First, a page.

Poster – Azar Abadi

Assessment of the Effects of Different Timescales of Drought on Suicide in the U.S. Department of Health and Human Services (HHS) Region 7 from 2000 to 2018

Azar M. Abadi, Ph.D., University of Nebraska Medical Center; Siddhi Munde, University of Nebraska Medical center; Yeongjin Gwon, PhD, University of Nebraska Medical center; Jesse E. Bell, PhD, University of Nebraska Medical Center

Dr. Abadi is a Research Assistant professor in the College of Public Health, University of Nebraska Medical Center. Her expertise is in Climate Science and she has both deep and broad-spectrum experience in environment and health, with research projects and other responsibilities focused on drought, infectious disease, heatwaves, and extreme weather.

Discuss this presentation with the authors on Thursday, November 11 from noon – 12:30 on the Zoom Live-stream.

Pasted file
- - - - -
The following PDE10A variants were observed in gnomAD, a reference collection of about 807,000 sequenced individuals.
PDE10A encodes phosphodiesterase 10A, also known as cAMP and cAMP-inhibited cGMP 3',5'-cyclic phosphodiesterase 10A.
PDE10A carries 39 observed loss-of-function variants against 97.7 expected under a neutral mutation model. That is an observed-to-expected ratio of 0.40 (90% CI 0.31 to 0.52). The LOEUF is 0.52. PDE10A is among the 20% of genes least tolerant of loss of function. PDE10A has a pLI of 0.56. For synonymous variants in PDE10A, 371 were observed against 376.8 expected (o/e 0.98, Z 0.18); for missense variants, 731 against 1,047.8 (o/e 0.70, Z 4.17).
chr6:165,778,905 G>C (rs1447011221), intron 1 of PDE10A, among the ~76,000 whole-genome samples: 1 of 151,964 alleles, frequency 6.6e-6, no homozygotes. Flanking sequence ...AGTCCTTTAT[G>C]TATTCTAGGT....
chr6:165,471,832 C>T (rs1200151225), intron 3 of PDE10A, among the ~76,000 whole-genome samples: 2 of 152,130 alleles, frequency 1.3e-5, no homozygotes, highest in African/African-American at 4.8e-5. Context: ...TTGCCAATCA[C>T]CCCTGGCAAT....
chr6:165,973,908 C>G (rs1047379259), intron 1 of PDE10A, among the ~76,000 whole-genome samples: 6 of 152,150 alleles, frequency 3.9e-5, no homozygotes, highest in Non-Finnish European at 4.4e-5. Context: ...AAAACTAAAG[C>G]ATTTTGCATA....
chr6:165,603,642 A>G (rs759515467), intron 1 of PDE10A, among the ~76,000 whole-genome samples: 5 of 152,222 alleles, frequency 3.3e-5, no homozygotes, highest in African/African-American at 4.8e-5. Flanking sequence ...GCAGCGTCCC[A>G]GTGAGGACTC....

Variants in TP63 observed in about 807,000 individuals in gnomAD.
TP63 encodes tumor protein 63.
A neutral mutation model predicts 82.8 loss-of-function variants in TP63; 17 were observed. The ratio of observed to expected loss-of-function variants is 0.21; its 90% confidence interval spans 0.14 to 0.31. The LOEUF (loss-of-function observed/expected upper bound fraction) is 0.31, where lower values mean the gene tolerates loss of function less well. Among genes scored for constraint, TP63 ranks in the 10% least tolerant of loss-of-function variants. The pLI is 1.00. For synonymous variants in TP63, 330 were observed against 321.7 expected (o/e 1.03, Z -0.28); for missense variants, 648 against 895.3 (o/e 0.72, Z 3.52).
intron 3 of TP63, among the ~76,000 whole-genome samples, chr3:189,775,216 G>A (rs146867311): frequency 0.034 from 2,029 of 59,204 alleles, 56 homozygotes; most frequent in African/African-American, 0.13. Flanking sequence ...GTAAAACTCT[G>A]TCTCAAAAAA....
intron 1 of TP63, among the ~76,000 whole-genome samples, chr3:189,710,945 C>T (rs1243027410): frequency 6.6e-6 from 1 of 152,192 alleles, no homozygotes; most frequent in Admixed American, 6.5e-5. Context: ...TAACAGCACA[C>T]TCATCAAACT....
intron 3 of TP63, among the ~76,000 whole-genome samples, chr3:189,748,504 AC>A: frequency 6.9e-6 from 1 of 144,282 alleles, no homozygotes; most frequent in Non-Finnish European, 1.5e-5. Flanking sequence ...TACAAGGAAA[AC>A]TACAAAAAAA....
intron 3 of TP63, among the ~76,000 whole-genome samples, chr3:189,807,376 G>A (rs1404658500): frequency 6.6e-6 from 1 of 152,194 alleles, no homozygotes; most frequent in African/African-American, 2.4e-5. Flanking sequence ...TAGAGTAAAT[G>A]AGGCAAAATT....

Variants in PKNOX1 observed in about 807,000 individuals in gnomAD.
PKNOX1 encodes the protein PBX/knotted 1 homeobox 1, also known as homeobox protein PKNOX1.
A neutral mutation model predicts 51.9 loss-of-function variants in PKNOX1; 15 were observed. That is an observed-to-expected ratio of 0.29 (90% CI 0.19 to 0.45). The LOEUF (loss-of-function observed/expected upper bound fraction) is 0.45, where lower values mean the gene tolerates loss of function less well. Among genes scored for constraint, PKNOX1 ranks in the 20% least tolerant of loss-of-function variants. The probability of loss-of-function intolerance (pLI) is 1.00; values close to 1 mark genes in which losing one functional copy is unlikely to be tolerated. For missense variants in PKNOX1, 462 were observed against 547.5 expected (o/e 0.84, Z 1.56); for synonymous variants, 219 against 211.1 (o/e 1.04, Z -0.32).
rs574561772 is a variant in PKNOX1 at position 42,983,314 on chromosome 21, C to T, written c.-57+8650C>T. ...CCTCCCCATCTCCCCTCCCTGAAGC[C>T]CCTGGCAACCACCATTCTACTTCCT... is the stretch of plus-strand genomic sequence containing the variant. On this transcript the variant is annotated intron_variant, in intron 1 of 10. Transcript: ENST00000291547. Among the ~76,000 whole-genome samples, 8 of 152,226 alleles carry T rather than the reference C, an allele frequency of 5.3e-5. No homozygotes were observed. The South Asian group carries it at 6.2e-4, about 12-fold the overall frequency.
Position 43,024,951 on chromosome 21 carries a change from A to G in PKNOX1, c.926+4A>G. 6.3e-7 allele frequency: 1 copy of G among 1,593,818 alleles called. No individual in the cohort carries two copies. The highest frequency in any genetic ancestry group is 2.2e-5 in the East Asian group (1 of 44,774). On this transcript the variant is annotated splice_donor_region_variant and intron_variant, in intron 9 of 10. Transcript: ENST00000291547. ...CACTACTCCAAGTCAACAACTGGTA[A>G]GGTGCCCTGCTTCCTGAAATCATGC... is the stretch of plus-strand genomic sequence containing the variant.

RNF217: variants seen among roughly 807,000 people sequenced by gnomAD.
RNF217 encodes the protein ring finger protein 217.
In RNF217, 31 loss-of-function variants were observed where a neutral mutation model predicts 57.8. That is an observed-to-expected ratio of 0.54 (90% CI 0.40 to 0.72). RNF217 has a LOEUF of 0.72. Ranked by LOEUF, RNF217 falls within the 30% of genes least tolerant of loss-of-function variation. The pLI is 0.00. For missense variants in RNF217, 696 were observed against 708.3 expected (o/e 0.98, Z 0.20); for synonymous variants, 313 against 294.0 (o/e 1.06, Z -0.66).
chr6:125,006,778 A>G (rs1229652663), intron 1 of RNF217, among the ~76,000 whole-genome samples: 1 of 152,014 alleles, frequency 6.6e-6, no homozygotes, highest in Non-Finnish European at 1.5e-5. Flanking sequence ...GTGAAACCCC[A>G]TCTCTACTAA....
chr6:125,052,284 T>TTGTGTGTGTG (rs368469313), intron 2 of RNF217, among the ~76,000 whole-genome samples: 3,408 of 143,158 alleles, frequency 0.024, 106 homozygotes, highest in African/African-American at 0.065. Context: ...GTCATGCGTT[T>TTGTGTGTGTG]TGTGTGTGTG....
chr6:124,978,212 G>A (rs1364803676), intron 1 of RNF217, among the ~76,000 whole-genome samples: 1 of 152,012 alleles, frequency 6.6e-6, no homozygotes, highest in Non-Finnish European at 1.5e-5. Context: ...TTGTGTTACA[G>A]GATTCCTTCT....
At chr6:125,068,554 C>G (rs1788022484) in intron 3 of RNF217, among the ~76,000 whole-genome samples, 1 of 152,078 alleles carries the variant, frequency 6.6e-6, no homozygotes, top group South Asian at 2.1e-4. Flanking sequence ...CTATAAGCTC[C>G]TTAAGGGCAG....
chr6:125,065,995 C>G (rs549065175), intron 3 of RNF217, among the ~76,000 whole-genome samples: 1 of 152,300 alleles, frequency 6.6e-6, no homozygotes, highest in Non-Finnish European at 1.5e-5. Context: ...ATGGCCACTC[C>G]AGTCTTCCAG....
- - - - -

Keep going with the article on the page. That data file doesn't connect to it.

Extreme weather events can directly harm individuals by disrupting their environment and producing lingering psychological distress through multiple pathways (economic strain, displacement, social isolation, and reduced access to care). This study aims to examine the potential impact of drought on suicide in the U.S. Department of Health and Human Services (HHS) Region 7 from 2000 to 2018. HHS Region 7 includes the states of Nebraska, Iowa, Kansas, and Missouri. We obtained monthly total (separated into firearm and non-firearm) suicide counts in four age groups, three races, and two gender categories from the detailed mortality dataset provided by National Center for Health Statistics (NCHS) for all Region 7 counties in the study period. The drought exposure was defined based on the Evaporative Demand Drought Index (EDDI) in three timescales. We use a two-stage modeling approach and the Generalized Additive Model (GAM) to evaluate the overall effect of drought on suicide. All the covariates of the models, including age, race, and gender, were significant. Our findings indicate that drought has a higher impact on firearm suicide than non-firearm suicide. We also showed that longer-term drought episodes estimated higher rates of firearm and non-firearm suicides.

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